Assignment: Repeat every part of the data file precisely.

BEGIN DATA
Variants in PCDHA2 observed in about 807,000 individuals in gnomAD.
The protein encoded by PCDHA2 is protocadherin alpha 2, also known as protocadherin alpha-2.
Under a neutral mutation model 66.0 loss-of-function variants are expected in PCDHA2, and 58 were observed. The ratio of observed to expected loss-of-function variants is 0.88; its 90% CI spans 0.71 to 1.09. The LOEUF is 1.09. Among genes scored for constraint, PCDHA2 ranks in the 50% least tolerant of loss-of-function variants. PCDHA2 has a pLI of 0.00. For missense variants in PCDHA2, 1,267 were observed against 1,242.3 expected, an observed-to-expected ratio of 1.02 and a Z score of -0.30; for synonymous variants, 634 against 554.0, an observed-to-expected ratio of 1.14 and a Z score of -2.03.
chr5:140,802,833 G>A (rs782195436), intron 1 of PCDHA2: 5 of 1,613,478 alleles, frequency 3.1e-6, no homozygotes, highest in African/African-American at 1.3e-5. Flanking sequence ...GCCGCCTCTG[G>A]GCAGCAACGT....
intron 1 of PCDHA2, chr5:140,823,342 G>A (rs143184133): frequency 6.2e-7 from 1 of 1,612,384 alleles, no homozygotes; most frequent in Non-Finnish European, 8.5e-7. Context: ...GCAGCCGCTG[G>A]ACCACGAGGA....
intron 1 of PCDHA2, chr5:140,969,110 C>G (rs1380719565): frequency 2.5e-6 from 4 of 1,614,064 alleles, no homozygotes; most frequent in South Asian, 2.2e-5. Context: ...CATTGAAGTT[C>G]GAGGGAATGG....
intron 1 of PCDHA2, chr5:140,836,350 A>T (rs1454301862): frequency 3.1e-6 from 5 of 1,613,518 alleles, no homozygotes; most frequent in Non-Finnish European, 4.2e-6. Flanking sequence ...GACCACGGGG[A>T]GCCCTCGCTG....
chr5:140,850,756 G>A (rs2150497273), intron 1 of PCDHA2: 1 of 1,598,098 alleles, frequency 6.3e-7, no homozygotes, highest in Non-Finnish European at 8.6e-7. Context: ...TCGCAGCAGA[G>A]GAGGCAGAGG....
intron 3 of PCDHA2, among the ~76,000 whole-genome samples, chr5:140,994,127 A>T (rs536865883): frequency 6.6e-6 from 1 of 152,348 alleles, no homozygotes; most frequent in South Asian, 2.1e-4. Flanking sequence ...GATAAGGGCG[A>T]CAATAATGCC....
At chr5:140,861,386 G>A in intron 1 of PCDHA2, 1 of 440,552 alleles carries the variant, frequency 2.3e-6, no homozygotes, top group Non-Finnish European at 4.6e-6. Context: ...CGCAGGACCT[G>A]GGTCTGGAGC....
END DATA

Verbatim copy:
Variants in PCDHA2 observed in about 807,000 individuals in gnomAD.
The protein encoded by PCDHA2 is protocadherin alpha 2, also known as protocadherin alpha-2.
Under a neutral mutation model 66.0 loss-of-function variants are expected in PCDHA2, and 58 were observed. The ratio of observed to expected loss-of-function variants is 0.88; its 90% CI spans 0.71 to 1.09. The LOEUF is 1.09. Among genes scored for constraint, PCDHA2 ranks in the 50% least tolerant of loss-of-function variants. PCDHA2 has a pLI of 0.00. For missense variants in PCDHA2, 1,267 were observed against 1,242.3 expected, an observed-to-expected ratio of 1.02 and a Z score of -0.30; for synonymous variants, 634 against 554.0, an observed-to-expected ratio of 1.14 and a Z score of -2.03.
chr5:140,802,833 G>A (rs782195436), intron 1 of PCDHA2: 5 of 1,613,478 alleles, frequency 3.1e-6, no homozygotes, highest in African/African-American at 1.3e-5. Flanking sequence ...GCCGCCTCTG[G>A]GCAGCAACGT....
intron 1 of PCDHA2, chr5:140,823,342 G>A (rs143184133): frequency 6.2e-7 from 1 of 1,612,384 alleles, no homozygotes; most frequent in Non-Finnish European, 8.5e-7. Context: ...GCAGCCGCTG[G>A]ACCACGAGGA....
intron 1 of PCDHA2, chr5:140,969,110 C>G (rs1380719565): frequency 2.5e-6 from 4 of 1,614,064 alleles, no homozygotes; most frequent in South Asian, 2.2e-5. Context: ...CATTGAAGTT[C>G]GAGGGAATGG....
intron 1 of PCDHA2, chr5:140,836,350 A>T (rs1454301862): frequency 3.1e-6 from 5 of 1,613,518 alleles, no homozygotes; most frequent in Non-Finnish European, 4.2e-6. Flanking sequence ...GACCACGGGG[A>T]GCCCTCGCTG....
chr5:140,850,756 G>A (rs2150497273), intron 1 of PCDHA2: 1 of 1,598,098 alleles, frequency 6.3e-7, no homozygotes, highest in Non-Finnish European at 8.6e-7. Context: ...TCGCAGCAGA[G>A]GAGGCAGAGG....
intron 3 of PCDHA2, among the ~76,000 whole-genome samples, chr5:140,994,127 A>T (rs536865883): frequency 6.6e-6 from 1 of 152,348 alleles, no homozygotes; most frequent in South Asian, 2.1e-4. Flanking sequence ...GATAAGGGCG[A>T]CAATAATGCC....
At chr5:140,861,386 G>A in intron 1 of PCDHA2, 1 of 440,552 alleles carries the variant, frequency 2.3e-6, no homozygotes, top group Non-Finnish European at 4.6e-6. Context: ...CGCAGGACCT[G>A]GGTCTGGAGC....